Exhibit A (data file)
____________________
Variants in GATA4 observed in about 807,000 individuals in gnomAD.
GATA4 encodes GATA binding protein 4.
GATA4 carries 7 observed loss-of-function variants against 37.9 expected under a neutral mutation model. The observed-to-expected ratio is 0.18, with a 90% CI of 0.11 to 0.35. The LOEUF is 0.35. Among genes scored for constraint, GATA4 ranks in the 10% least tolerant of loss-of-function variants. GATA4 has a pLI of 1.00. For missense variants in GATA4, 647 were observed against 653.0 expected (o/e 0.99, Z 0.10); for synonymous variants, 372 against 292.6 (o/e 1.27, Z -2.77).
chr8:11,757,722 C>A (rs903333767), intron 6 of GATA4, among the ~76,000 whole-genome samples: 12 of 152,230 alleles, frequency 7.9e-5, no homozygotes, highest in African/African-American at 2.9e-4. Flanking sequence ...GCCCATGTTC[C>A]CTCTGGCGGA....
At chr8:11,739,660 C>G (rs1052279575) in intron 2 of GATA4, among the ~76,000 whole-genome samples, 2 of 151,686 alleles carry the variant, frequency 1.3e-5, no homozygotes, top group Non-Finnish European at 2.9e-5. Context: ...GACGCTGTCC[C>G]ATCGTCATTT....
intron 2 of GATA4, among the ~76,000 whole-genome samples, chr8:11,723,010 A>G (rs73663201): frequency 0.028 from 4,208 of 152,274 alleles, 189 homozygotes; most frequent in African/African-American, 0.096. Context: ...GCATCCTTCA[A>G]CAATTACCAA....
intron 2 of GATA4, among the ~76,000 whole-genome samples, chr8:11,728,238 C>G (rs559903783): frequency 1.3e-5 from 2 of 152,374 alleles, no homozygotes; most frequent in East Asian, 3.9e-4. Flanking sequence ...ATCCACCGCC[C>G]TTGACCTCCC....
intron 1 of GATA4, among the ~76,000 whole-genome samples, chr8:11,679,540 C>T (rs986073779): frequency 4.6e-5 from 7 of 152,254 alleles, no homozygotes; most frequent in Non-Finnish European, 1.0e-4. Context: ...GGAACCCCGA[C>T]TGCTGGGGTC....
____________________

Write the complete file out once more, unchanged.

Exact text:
Variants in GATA4 observed in about 807,000 individuals in gnomAD.
GATA4 encodes GATA binding protein 4.
GATA4 carries 7 observed loss-of-function variants against 37.9 expected under a neutral mutation model. The observed-to-expected ratio is 0.18, with a 90% CI of 0.11 to 0.35. The LOEUF is 0.35. Among genes scored for constraint, GATA4 ranks in the 10% least tolerant of loss-of-function variants. GATA4 has a pLI of 1.00. For missense variants in GATA4, 647 were observed against 653.0 expected (o/e 0.99, Z 0.10); for synonymous variants, 372 against 292.6 (o/e 1.27, Z -2.77).
chr8:11,757,722 C>A (rs903333767), intron 6 of GATA4, among the ~76,000 whole-genome samples: 12 of 152,230 alleles, frequency 7.9e-5, no homozygotes, highest in African/African-American at 2.9e-4. Flanking sequence ...GCCCATGTTC[C>A]CTCTGGCGGA....
At chr8:11,739,660 C>G (rs1052279575) in intron 2 of GATA4, among the ~76,000 whole-genome samples, 2 of 151,686 alleles carry the variant, frequency 1.3e-5, no homozygotes, top group Non-Finnish European at 2.9e-5. Context: ...GACGCTGTCC[C>G]ATCGTCATTT....
intron 2 of GATA4, among the ~76,000 whole-genome samples, chr8:11,723,010 A>G (rs73663201): frequency 0.028 from 4,208 of 152,274 alleles, 189 homozygotes; most frequent in African/African-American, 0.096. Context: ...GCATCCTTCA[A>G]CAATTACCAA....
intron 2 of GATA4, among the ~76,000 whole-genome samples, chr8:11,728,238 C>G (rs559903783): frequency 1.3e-5 from 2 of 152,374 alleles, no homozygotes; most frequent in East Asian, 3.9e-4. Flanking sequence ...ATCCACCGCC[C>G]TTGACCTCCC....
intron 1 of GATA4, among the ~76,000 whole-genome samples, chr8:11,679,540 C>T (rs986073779): frequency 4.6e-5 from 7 of 152,254 alleles, no homozygotes; most frequent in Non-Finnish European, 1.0e-4. Context: ...GGAACCCCGA[C>T]TGCTGGGGTC....